Support for My Morning Download, from Flying Fish Brewing Company
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The Week So Far: 14 must-read stories on The Key

Photo by Eric Ashleigh | showtographe.com

Interview: Talking wood nymphs and a show at Ortlieb’s with Brooklyn’s Savoir Adore. [link]

Hear a new song from Nothing, sign up to be in their Key Studio Sessions audience. [link]

Interview: Craig Hendrix of Philly’s Auctioneer on songwriting and Shaking Through. [link]

Lehigh Valley jazz-psych duo XVSK stop by to record a Key Studio Session. [link]

Photos of a spellbinding night at Union Transfer with Beach House. [link]

Breaking down the numbers of WXPN’s 885 Songs that Rock countdown. [link]

Watch a jangling new music video from Low Cut Connie, filmed at the North Star Bar. [link]

Get a taste of the new record from Freeway with his Freedom of Speech mixtape. [link]

Listen to The Dead Milkmen recorded live on WXPN…25 years ago. [link]

Download a free mixtape from Black Dub’s Trixie Whitley. [link]

Watch Rap City, the WHYY documentary on Philly’s hip-hop scene circa 1988. [link]

Couldn’t make it to Austin City Limits? Neil Young and Crazy Horse‘s entire set is streaming. [link]

Also in Austin, Philly sons The War on Drugs played a killer “Arms Like Boulders.” [link]

Jack White dances and beatboxes in his music video for “I’m Shakin’.” [link]

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Photo Recap: Beach House at Union Transfer

Baltimore dream-pop three piece Beach House brought the tour in support of its latest album – the elegant Bloom, released earlier this year – to Union Transfer last night. Check out a photo recap of the show in the gallery above.

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Tonight’s Concert Picks: Beach House at The Trocadero, Gregory Alan Isakov at Johnny Brenda’s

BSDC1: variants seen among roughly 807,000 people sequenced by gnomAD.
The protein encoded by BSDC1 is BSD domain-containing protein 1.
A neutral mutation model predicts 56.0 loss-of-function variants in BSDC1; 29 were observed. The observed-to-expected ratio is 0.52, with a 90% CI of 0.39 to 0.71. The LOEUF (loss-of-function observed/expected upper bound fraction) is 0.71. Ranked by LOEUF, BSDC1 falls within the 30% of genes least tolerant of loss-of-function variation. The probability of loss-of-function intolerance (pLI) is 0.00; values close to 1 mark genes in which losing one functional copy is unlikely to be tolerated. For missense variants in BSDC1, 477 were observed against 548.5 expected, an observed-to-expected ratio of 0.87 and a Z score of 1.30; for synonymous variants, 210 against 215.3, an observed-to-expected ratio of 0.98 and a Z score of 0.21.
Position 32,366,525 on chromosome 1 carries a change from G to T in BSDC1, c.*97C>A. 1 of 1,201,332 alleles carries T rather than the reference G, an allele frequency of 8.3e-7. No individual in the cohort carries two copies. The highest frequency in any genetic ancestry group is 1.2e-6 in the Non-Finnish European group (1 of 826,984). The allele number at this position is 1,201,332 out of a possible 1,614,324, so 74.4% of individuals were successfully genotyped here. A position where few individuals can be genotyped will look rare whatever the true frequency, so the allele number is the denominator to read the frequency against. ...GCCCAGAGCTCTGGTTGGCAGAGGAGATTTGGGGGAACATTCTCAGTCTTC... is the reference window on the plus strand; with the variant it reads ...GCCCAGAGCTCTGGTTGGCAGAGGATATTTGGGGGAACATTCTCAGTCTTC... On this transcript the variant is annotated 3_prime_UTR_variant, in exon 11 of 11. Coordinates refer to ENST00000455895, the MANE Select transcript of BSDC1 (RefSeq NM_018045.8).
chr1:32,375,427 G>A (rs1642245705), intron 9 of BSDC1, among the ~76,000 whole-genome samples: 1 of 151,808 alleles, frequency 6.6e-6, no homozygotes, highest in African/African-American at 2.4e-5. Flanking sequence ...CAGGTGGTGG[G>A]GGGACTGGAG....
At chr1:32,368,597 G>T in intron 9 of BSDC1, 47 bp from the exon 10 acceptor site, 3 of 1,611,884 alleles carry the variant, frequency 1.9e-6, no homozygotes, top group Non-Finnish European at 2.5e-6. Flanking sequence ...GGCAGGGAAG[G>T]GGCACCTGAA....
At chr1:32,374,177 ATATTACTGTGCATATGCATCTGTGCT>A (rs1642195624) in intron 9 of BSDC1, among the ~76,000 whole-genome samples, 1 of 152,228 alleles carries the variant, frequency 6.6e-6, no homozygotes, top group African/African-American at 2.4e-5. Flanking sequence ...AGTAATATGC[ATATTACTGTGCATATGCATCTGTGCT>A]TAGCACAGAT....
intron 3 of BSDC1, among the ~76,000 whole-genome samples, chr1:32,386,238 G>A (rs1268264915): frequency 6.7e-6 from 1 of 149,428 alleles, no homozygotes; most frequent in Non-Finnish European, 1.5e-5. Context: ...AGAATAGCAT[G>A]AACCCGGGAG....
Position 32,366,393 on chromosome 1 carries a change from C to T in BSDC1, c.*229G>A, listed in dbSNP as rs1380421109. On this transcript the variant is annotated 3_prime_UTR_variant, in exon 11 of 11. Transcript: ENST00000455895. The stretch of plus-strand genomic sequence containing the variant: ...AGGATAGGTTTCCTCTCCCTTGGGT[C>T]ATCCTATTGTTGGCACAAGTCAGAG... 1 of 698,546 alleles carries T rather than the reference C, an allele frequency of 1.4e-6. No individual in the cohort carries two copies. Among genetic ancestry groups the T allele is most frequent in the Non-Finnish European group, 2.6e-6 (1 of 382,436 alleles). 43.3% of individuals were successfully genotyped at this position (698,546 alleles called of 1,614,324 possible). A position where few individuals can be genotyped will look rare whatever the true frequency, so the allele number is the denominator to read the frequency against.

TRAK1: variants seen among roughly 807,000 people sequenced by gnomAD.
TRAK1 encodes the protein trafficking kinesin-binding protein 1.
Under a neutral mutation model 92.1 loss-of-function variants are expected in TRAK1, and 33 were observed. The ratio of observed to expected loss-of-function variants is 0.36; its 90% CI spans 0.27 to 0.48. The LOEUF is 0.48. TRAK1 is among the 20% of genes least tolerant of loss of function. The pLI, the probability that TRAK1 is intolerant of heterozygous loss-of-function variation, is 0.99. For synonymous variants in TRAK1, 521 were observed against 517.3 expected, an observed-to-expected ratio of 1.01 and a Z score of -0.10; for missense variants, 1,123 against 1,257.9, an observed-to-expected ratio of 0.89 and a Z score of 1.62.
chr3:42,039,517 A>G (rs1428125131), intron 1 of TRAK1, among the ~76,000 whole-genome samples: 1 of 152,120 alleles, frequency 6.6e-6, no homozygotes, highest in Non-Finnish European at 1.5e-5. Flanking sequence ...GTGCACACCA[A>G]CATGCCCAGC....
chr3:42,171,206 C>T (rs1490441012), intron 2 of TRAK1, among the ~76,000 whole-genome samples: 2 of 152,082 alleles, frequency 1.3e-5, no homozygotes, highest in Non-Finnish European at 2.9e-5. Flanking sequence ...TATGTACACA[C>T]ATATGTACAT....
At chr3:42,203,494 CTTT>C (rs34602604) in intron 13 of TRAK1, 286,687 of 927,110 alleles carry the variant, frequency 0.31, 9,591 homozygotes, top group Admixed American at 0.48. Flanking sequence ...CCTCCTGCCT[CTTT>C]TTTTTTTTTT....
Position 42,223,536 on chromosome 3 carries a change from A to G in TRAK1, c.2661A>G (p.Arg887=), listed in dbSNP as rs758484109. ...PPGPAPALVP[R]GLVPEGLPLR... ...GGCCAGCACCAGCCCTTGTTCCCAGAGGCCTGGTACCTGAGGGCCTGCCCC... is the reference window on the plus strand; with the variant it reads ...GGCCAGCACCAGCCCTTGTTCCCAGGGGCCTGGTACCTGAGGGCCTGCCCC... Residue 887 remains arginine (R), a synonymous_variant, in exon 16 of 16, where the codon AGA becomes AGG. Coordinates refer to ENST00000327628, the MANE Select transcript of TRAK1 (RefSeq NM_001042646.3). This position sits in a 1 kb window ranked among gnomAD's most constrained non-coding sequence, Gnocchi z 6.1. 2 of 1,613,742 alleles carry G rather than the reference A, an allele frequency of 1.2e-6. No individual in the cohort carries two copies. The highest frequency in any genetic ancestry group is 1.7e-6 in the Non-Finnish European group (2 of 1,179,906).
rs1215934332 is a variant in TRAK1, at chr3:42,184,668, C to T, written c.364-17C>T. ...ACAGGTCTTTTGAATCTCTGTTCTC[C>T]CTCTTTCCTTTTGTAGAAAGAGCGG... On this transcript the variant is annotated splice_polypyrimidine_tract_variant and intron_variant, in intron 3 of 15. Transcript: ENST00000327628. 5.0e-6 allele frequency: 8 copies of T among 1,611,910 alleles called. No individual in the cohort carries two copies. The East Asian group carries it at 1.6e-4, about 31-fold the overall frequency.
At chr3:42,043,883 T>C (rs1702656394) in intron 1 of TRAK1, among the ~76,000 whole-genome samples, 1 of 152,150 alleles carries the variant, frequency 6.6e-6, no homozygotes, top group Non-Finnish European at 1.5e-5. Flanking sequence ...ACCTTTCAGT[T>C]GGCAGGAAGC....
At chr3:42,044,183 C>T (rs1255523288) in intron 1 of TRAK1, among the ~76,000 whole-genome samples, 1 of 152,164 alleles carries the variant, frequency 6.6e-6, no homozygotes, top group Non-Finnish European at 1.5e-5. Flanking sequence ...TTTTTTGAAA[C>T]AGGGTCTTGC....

Beach House

Sure, Beach House‘s Teen Dream is—like the band’s previous efforts—an excellent atmospheric album to play in the background while sitting around your living room and having a discussion about how, like, you’re totally over bands that make atmospheric background music. But how does it hold up in a live setting, where—instead of lounging around on your comfy couch and only kind-of listening to the band’s lo-fi dream-pop—you’re expected to stand on your own two feet and pay close attention for the full duration of the performance? The jury is still out. By many accounts, Teen Dream is the Baltimore duo’s most dynamic and engaging album to date, a critical success that has earned the band not only a larger fan base, but the predictable backlash. Of course, “dynamic” and “engaging” are pretty subjective terms, especially when applied to a band like Beach House. If you haven’t already purchased a ticket to tonight’s show at The Trocadero, however, you won’t have to bother deciding whether or not to see the live show for yourself—it’s sold out. Beach House performs with Papercuts at 8:30 p.m. at The Trocadero; tickets to the all-ages show are SOLD OUT.

Also playing: Gregory Alan Isakov performs with Emily Arin at 9 p.m. at Johnny Brenda’s; tickets to the 21+ show are $12.